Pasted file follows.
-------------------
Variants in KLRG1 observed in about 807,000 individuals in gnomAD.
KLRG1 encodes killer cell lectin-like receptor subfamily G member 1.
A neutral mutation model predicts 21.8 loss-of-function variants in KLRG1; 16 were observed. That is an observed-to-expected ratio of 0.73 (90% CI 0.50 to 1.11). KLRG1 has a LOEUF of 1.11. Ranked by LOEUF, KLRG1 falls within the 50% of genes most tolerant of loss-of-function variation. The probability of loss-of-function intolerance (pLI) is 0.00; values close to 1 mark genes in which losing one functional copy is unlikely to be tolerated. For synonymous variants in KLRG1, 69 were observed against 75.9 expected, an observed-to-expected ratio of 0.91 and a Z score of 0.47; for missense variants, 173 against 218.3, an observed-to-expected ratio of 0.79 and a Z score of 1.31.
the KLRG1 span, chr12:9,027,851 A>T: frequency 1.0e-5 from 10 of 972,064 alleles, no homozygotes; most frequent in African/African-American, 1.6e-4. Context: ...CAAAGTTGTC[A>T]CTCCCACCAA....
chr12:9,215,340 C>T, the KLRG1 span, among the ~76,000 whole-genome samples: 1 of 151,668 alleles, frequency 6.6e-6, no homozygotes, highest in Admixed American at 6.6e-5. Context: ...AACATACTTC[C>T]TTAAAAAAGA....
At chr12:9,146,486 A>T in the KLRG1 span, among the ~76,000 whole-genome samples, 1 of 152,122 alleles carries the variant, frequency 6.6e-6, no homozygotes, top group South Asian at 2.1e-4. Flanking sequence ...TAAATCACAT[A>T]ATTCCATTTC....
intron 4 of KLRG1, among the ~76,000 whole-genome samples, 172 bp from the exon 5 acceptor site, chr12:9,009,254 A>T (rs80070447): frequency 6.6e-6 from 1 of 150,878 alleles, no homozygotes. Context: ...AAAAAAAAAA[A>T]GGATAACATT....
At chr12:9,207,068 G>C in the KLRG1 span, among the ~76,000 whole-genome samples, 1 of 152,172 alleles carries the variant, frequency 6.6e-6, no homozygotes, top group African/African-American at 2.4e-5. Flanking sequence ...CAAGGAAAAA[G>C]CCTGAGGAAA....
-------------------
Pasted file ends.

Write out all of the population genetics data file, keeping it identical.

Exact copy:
Variants in KLRG1 observed in about 807,000 individuals in gnomAD.
KLRG1 encodes killer cell lectin-like receptor subfamily G member 1.
A neutral mutation model predicts 21.8 loss-of-function variants in KLRG1; 16 were observed. That is an observed-to-expected ratio of 0.73 (90% CI 0.50 to 1.11). KLRG1 has a LOEUF of 1.11. Ranked by LOEUF, KLRG1 falls within the 50% of genes most tolerant of loss-of-function variation. The probability of loss-of-function intolerance (pLI) is 0.00; values close to 1 mark genes in which losing one functional copy is unlikely to be tolerated. For synonymous variants in KLRG1, 69 were observed against 75.9 expected, an observed-to-expected ratio of 0.91 and a Z score of 0.47; for missense variants, 173 against 218.3, an observed-to-expected ratio of 0.79 and a Z score of 1.31.
the KLRG1 span, chr12:9,027,851 A>T: frequency 1.0e-5 from 10 of 972,064 alleles, no homozygotes; most frequent in African/African-American, 1.6e-4. Context: ...CAAAGTTGTC[A>T]CTCCCACCAA....
chr12:9,215,340 C>T, the KLRG1 span, among the ~76,000 whole-genome samples: 1 of 151,668 alleles, frequency 6.6e-6, no homozygotes, highest in Admixed American at 6.6e-5. Context: ...AACATACTTC[C>T]TTAAAAAAGA....
At chr12:9,146,486 A>T in the KLRG1 span, among the ~76,000 whole-genome samples, 1 of 152,122 alleles carries the variant, frequency 6.6e-6, no homozygotes, top group South Asian at 2.1e-4. Flanking sequence ...TAAATCACAT[A>T]ATTCCATTTC....
intron 4 of KLRG1, among the ~76,000 whole-genome samples, 172 bp from the exon 5 acceptor site, chr12:9,009,254 A>T (rs80070447): frequency 6.6e-6 from 1 of 150,878 alleles, no homozygotes. Context: ...AAAAAAAAAA[A>T]GGATAACATT....
At chr12:9,207,068 G>C in the KLRG1 span, among the ~76,000 whole-genome samples, 1 of 152,172 alleles carries the variant, frequency 6.6e-6, no homozygotes, top group African/African-American at 2.4e-5. Flanking sequence ...CAAGGAAAAA[G>C]CCTGAGGAAA....